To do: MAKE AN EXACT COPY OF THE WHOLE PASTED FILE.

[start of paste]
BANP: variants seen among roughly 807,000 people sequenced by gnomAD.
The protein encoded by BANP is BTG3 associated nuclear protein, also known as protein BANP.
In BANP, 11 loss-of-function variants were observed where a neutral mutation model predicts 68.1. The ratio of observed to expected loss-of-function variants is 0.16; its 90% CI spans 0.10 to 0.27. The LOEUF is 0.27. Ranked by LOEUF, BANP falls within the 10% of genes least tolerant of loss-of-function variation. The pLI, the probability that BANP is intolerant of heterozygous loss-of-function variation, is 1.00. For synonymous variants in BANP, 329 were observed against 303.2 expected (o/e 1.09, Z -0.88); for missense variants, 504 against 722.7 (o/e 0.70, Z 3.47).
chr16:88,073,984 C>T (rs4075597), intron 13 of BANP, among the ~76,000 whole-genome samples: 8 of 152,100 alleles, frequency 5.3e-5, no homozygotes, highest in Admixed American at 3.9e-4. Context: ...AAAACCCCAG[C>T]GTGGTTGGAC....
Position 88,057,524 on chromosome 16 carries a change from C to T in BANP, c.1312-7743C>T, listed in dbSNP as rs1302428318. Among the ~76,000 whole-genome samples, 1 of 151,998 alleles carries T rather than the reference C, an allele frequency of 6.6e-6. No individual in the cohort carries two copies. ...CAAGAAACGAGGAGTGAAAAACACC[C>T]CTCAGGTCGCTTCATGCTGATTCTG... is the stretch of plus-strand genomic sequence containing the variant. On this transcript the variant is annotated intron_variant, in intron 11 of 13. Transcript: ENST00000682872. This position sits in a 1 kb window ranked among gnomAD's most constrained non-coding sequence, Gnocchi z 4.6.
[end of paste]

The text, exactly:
BANP: variants seen among roughly 807,000 people sequenced by gnomAD.
The protein encoded by BANP is BTG3 associated nuclear protein, also known as protein BANP.
In BANP, 11 loss-of-function variants were observed where a neutral mutation model predicts 68.1. The ratio of observed to expected loss-of-function variants is 0.16; its 90% CI spans 0.10 to 0.27. The LOEUF is 0.27. Ranked by LOEUF, BANP falls within the 10% of genes least tolerant of loss-of-function variation. The pLI, the probability that BANP is intolerant of heterozygous loss-of-function variation, is 1.00. For synonymous variants in BANP, 329 were observed against 303.2 expected (o/e 1.09, Z -0.88); for missense variants, 504 against 722.7 (o/e 0.70, Z 3.47).
chr16:88,073,984 C>T (rs4075597), intron 13 of BANP, among the ~76,000 whole-genome samples: 8 of 152,100 alleles, frequency 5.3e-5, no homozygotes, highest in Admixed American at 3.9e-4. Context: ...AAAACCCCAG[C>T]GTGGTTGGAC....
Position 88,057,524 on chromosome 16 carries a change from C to T in BANP, c.1312-7743C>T, listed in dbSNP as rs1302428318. Among the ~76,000 whole-genome samples, 1 of 151,998 alleles carries T rather than the reference C, an allele frequency of 6.6e-6. No individual in the cohort carries two copies. ...CAAGAAACGAGGAGTGAAAAACACC[C>T]CTCAGGTCGCTTCATGCTGATTCTG... is the stretch of plus-strand genomic sequence containing the variant. On this transcript the variant is annotated intron_variant, in intron 11 of 13. Transcript: ENST00000682872. This position sits in a 1 kb window ranked among gnomAD's most constrained non-coding sequence, Gnocchi z 4.6.